A Letter from the General Minister to Pittsburgh Presbytery
March 28, 2013
One of the striking features of church life over the past half-century has been the convergence between Catholic and Protestant traditions in numerous practices. Protestants have become much more likely to follow ancient liturgical traditions such as observance of the church year, including the seasons of Lent and Advent, while Catholics have become far more deeply engaged in the historic Protestant practice of communicating the Gospel in the languages and styles of indigenous cultures. While some still resist “doing Lent,” many Protestants testify that it has proven to be of great benefit to their faith.
Lent is a special opportunity to do what Christians are always called to do – to walk the way of the cross with Jesus. The path that Jesus traveled from the judgment hall to Golgotha is known as the “Via Dolorosa,” literally the “way of suffering.” It’s a pathway in the Old City of Jerusalem that countless Christian pilgrims are walking this week, as they have done each Holy Week over most of the last 2000 years. We could well translate it “trail of tears,” which is how we name the pathways traveled by Native Americans when they were forced out of their homelands by European settlers in the 19th century.
An old hymn asks, “Must Jesus bear the cross alone?” The answer rings clear: “No! There’s a cross for everyone, and there’s a cross for me.” On the day of Jesus’ crucifixion, a man named Simon from Cyrene was compelled to carry Jesus’ cross, probably because Jesus was too weak to carry it himself, as those about to be crucified usually did.
Several times in the Gospels Jesus tells his disciples that following him entails bearing the cross – thus foreshadowing his own journey to Golgotha with Simon. Simon had to be forced to carry the cross, and that is how it often is for us as well. Everything within us runs from it. We want to continue with life as we know it, rather than laying our life down with Jesus.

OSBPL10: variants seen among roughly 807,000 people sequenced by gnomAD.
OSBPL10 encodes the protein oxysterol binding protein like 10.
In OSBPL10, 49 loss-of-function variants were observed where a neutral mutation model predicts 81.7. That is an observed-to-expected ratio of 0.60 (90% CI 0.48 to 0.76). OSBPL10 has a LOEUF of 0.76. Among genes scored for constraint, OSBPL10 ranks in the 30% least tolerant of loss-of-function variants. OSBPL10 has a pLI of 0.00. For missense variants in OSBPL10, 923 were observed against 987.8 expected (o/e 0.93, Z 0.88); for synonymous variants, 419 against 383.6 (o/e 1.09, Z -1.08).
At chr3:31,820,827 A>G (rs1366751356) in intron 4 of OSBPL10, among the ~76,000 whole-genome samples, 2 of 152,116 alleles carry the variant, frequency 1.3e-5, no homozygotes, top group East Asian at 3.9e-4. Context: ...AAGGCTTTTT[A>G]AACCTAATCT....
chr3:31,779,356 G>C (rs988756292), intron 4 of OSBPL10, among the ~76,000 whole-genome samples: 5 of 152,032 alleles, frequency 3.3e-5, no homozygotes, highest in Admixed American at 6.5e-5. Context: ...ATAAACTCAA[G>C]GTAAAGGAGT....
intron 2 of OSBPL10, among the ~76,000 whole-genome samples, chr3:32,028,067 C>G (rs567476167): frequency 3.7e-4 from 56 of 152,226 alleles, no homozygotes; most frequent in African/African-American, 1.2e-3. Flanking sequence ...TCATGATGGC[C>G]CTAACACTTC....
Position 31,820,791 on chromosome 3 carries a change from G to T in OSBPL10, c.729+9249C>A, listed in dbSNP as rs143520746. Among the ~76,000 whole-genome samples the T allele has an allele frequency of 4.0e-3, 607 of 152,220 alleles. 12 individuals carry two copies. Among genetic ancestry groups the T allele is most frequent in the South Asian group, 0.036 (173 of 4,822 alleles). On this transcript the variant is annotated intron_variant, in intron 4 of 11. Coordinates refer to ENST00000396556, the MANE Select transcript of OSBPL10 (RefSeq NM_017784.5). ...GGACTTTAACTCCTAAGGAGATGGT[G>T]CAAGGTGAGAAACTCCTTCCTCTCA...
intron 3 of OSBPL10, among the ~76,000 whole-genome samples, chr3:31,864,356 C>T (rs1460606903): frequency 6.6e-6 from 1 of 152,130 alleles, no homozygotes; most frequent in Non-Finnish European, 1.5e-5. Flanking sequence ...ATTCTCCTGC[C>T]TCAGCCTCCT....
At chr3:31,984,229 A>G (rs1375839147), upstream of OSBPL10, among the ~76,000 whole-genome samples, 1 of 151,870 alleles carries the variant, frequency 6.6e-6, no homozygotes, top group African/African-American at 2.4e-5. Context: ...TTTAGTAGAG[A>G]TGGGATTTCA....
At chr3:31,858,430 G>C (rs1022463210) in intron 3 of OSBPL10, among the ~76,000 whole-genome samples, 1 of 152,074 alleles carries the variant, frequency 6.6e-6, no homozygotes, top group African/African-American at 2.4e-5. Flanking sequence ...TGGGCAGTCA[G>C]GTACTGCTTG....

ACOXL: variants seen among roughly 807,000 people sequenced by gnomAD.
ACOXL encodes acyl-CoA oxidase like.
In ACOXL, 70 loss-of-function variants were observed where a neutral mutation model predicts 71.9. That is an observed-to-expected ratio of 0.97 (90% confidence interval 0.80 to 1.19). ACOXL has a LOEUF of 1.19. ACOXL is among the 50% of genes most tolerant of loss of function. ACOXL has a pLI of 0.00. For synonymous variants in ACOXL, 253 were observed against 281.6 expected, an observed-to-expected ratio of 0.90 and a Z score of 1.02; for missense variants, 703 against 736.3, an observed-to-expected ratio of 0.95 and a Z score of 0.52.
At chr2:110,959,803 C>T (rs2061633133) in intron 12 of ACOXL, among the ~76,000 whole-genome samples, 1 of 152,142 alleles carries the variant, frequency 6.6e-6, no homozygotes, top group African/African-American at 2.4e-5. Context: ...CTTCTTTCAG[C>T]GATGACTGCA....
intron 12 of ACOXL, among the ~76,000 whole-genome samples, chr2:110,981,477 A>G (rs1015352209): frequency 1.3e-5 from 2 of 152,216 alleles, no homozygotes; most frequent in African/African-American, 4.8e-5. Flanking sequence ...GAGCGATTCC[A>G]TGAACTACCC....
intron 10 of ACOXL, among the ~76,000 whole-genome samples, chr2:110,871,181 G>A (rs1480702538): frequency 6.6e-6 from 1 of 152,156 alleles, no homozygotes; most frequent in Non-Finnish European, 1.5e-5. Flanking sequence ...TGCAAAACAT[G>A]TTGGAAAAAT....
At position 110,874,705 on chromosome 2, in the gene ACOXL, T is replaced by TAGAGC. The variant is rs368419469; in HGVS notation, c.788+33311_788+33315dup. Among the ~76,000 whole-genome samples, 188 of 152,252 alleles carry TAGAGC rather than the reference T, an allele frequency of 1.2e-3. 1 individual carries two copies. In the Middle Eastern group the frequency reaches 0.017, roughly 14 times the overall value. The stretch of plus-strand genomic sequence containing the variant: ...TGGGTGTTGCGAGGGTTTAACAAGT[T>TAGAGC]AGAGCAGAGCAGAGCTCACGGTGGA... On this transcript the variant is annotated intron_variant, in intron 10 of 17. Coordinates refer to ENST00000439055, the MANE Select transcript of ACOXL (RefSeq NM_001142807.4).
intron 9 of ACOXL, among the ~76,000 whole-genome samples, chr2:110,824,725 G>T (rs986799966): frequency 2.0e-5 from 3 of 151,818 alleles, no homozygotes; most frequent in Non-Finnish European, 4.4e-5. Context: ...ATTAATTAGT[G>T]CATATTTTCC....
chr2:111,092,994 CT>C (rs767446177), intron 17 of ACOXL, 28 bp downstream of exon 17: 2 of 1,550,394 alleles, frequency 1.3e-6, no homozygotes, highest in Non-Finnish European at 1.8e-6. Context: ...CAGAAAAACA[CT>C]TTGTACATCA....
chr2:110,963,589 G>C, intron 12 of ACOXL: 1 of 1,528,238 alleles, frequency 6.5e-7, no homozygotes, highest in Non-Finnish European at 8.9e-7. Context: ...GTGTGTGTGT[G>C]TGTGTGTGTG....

Jesus’ road to the cross begins not in Pilate’s courtyard but in Galilee, when he determines to go to Jerusalem where he knows people intend to kill him. Several times in the Gospels he predicts his execution once he gets to Jerusalem, and his followers implore him not to go there. He replies, “If you want to be my follower, you’ve got to lay down your life with me.” The road to Jerusalem is as unavoidable for Jesus’ disciples as it is for Jesus himself.
That road is not the only pathway available to him. Many of his contemporaries who have railed at the faithlessness among the religious authorities have abandoned Jerusalem, setting up shop instead somewhere in the distant hills. Despite the gross infidelity of Temple leaders, Jesus refuses to go the pathway of the dissidents who flee Jerusalem to form alternative religious communities that are safer or purer. The Via Dolorosa is a tangible reminder that in Jesus, God does not abandon Jerusalem amid its corruption, but engages it in order to redeem it – even if it means that Jesus must lay down his life to do so.
So his disciples travel with him to Jerusalem, grumbling much of the way there. They argue about who gets to sit closest to Jesus. They promise to stick with him to the end, but when the end comes, they scatter. Still, along the way they learn from Jesus that there are more than two possible responses to opposition, “fight or flight.” Jesus challenges them with a third option – stay engaged, even if it means laying down your life.
They are tested on this very soon after his ascension, when they are arrested for proclaiming Jesus as Lord and Christ. The authorities flog them and sternly order them to stop, but as soon as they are released, the disciples go back to the Temple to pick up where they left off. They are repeatedly imprisoned and threatened with death, but as soon as they are set free, they go right back to preach more of the same. They keep walking the Via Dolorosa, laying down their lives for the sake of the Gospel – and they count it joy to do so!
When Paul travels on his missionary journeys, he goes straight to the synagogues in most places he visits, even though that usually gets him into a heap of trouble. Despite being warned against it, he eventually returns to Jerusalem, heading directly to the Temple where an angry mob seeks to kill him. Each day’s trip to synagogue or Temple becomes for him yet another journey down the Via Dolorosa.
Paul is persuaded that whether we live or die is immaterial; all that matters is that we belong to the Lord. (See Romans 14:7-9, Philippians 1:21-24.) Imagine with me a church made up of servants who, like their Lord and his apostles, were marked by such fidelity to the community they were called to serve that they’d sooner lay down their lives than cut and run for greener pastures when the way gets difficult.
None of Jesus’ followers has the option to avoid the Via Dolorosa. Not you, not me. Especially during this most Holy Week, I invite you to join me in asking: Where is my commitment to suffer with Jesus taking me today?
The Rev. Dr. Sheldon W. Sorge, General Minister
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